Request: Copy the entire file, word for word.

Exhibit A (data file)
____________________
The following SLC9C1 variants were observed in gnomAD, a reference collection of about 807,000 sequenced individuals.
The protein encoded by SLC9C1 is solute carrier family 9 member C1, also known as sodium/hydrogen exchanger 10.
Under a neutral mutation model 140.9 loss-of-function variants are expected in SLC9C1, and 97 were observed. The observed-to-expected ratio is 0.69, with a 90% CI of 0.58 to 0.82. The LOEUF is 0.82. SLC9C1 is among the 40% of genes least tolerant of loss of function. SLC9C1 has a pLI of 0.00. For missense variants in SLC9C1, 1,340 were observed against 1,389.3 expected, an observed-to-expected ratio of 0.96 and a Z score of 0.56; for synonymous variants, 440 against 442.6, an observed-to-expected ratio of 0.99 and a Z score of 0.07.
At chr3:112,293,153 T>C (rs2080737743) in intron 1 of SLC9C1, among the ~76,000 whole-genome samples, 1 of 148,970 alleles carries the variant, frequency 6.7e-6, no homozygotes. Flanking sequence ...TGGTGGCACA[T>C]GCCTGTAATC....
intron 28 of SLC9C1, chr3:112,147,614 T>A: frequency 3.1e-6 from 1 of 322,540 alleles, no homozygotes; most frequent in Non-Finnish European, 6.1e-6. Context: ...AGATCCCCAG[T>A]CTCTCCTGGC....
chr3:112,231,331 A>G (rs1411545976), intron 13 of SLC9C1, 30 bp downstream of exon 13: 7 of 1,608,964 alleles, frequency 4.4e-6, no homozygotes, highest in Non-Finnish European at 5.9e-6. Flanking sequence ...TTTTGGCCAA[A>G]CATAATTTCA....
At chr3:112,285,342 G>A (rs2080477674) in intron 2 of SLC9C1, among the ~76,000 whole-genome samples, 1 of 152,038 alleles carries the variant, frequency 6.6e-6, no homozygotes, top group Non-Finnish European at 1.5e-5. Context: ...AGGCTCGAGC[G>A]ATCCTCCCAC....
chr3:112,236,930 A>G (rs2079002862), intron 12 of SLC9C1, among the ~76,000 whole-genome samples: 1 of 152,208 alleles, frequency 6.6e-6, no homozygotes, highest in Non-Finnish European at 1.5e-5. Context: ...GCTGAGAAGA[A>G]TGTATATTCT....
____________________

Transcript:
The following SLC9C1 variants were observed in gnomAD, a reference collection of about 807,000 sequenced individuals.
The protein encoded by SLC9C1 is solute carrier family 9 member C1, also known as sodium/hydrogen exchanger 10.
Under a neutral mutation model 140.9 loss-of-function variants are expected in SLC9C1, and 97 were observed. The observed-to-expected ratio is 0.69, with a 90% CI of 0.58 to 0.82. The LOEUF is 0.82. SLC9C1 is among the 40% of genes least tolerant of loss of function. SLC9C1 has a pLI of 0.00. For missense variants in SLC9C1, 1,340 were observed against 1,389.3 expected, an observed-to-expected ratio of 0.96 and a Z score of 0.56; for synonymous variants, 440 against 442.6, an observed-to-expected ratio of 0.99 and a Z score of 0.07.
At chr3:112,293,153 T>C (rs2080737743) in intron 1 of SLC9C1, among the ~76,000 whole-genome samples, 1 of 148,970 alleles carries the variant, frequency 6.7e-6, no homozygotes. Flanking sequence ...TGGTGGCACA[T>C]GCCTGTAATC....
intron 28 of SLC9C1, chr3:112,147,614 T>A: frequency 3.1e-6 from 1 of 322,540 alleles, no homozygotes; most frequent in Non-Finnish European, 6.1e-6. Context: ...AGATCCCCAG[T>A]CTCTCCTGGC....
chr3:112,231,331 A>G (rs1411545976), intron 13 of SLC9C1, 30 bp downstream of exon 13: 7 of 1,608,964 alleles, frequency 4.4e-6, no homozygotes, highest in Non-Finnish European at 5.9e-6. Flanking sequence ...TTTTGGCCAA[A>G]CATAATTTCA....
At chr3:112,285,342 G>A (rs2080477674) in intron 2 of SLC9C1, among the ~76,000 whole-genome samples, 1 of 152,038 alleles carries the variant, frequency 6.6e-6, no homozygotes, top group Non-Finnish European at 1.5e-5. Context: ...AGGCTCGAGC[G>A]ATCCTCCCAC....
chr3:112,236,930 A>G (rs2079002862), intron 12 of SLC9C1, among the ~76,000 whole-genome samples: 1 of 152,208 alleles, frequency 6.6e-6, no homozygotes, highest in Non-Finnish European at 1.5e-5. Context: ...GCTGAGAAGA[A>G]TGTATATTCT....